The Great 5th Dalai Lama (the Nyingma) had a rabbit moon mural in his Lukhang temple. A temple of Dzogchen secrets. You can read about the temple and see the secret murals now. They’re all online. So my rabbit moon? That’s a connection to the current Dalai Lama, who is Gelug, to Dzogchen, and to the Nyingma. But the rabbit moon is also associated with longevity in China which fits well with WT. And, there’s a Buddhist story about how the rabbit came to be depicted in the moon.
In the Buddhist version, Indra (yes, the Hindu god, just go with it) takes the form of a mendicant trying to learn about Buddhism. He comes across some animals that offer him their food. Each animal is able to offer him something, but the rabbit has no food to offer. In his generosity, the rabbit throws himself on the fire as a self-sacrifice. Because it’s what the Buddha would do. And the rabbit is the Buddha (in a previous incarnation, before he was the Buddha).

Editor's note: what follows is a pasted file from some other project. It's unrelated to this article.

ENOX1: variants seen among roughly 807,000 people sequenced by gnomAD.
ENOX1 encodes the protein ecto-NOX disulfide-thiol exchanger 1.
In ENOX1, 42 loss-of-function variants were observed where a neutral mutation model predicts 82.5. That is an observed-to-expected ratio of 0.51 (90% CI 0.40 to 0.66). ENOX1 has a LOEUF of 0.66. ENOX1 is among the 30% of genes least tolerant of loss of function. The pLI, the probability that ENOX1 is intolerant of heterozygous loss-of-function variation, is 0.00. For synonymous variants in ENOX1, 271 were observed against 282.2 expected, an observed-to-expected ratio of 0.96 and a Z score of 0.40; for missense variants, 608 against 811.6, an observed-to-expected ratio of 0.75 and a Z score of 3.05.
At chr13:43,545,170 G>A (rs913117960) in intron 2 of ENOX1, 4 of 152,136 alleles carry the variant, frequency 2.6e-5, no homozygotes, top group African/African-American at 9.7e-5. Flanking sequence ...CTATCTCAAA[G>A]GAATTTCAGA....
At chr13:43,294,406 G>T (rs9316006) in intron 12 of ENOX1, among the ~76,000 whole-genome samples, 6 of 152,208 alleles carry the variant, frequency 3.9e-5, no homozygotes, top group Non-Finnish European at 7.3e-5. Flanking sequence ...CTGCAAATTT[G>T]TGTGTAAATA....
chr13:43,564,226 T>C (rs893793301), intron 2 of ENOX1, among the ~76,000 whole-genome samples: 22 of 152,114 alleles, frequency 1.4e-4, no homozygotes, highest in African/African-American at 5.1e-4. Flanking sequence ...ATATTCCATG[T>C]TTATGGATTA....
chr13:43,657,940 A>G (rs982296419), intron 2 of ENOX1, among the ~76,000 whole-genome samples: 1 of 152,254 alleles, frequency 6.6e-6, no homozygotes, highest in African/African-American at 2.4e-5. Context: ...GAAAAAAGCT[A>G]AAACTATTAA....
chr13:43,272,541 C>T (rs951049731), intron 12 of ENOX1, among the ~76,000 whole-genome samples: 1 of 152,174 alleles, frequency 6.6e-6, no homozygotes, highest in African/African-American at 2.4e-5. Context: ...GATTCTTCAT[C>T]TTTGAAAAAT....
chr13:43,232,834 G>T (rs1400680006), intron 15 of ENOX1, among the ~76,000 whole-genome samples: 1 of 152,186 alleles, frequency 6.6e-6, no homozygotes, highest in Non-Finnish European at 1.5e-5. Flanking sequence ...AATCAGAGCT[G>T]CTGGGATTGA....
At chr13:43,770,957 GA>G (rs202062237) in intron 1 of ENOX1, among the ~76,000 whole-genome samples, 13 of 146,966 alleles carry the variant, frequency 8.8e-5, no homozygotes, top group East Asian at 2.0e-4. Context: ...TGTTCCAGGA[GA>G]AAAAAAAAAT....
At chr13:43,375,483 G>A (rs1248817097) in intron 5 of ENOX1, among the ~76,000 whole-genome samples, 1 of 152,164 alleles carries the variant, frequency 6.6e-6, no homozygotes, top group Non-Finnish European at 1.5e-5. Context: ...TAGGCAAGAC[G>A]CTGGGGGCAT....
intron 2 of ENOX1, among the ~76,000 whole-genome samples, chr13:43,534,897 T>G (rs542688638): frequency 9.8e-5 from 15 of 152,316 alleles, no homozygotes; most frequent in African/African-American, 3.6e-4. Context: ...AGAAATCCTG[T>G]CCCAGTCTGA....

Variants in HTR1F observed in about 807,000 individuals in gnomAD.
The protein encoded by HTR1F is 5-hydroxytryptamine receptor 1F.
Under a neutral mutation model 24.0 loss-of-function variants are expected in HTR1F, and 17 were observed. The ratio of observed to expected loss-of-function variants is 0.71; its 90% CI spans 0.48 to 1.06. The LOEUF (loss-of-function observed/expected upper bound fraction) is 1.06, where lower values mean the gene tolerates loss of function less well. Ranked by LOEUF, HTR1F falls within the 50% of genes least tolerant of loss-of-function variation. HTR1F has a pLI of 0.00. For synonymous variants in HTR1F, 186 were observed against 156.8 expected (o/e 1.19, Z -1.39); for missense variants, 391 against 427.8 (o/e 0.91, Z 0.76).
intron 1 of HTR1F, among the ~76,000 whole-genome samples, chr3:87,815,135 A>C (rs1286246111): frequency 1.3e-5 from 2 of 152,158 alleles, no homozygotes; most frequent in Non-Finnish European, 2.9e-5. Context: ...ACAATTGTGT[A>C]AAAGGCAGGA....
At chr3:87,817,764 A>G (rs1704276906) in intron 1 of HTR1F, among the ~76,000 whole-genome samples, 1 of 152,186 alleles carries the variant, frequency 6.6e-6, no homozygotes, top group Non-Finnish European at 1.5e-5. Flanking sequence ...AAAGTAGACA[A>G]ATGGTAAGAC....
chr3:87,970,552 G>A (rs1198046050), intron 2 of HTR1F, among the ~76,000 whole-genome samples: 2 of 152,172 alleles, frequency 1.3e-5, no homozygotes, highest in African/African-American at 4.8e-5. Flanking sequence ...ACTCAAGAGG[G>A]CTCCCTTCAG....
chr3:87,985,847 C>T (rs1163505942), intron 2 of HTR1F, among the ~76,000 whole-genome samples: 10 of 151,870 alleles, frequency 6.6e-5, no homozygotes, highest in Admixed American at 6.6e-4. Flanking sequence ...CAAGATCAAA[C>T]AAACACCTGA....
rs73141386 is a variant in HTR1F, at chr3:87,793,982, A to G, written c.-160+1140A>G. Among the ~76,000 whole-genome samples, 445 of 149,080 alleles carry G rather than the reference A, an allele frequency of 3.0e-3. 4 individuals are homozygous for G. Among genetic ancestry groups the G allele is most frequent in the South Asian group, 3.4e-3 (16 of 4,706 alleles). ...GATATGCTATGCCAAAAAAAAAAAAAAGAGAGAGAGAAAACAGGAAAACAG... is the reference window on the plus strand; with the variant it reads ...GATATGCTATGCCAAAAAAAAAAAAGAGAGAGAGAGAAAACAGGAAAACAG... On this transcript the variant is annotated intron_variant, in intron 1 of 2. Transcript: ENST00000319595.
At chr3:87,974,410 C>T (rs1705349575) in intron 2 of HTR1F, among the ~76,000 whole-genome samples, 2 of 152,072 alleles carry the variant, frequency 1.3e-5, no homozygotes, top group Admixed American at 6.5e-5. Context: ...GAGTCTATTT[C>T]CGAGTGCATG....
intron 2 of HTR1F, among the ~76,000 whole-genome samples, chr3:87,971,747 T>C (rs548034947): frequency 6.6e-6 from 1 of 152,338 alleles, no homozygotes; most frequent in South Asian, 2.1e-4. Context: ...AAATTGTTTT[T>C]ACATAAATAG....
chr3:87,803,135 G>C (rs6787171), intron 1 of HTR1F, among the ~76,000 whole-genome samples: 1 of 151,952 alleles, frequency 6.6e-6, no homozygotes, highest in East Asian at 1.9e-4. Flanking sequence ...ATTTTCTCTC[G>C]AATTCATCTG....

Indra however stops the fire from burning the bunny’s biscuits by making the flames cool, thus the rabbit is saved. He then praises the little rabbit’s generosity and draws the rabbit’s image on the moon so everyone will remember the rabbit’s nobility and act of generosity for as long as the moon exists. And yes, you’re right. I couldn’t pass an opportunity to self-reference in the art and leave a clue I (Indra) was there.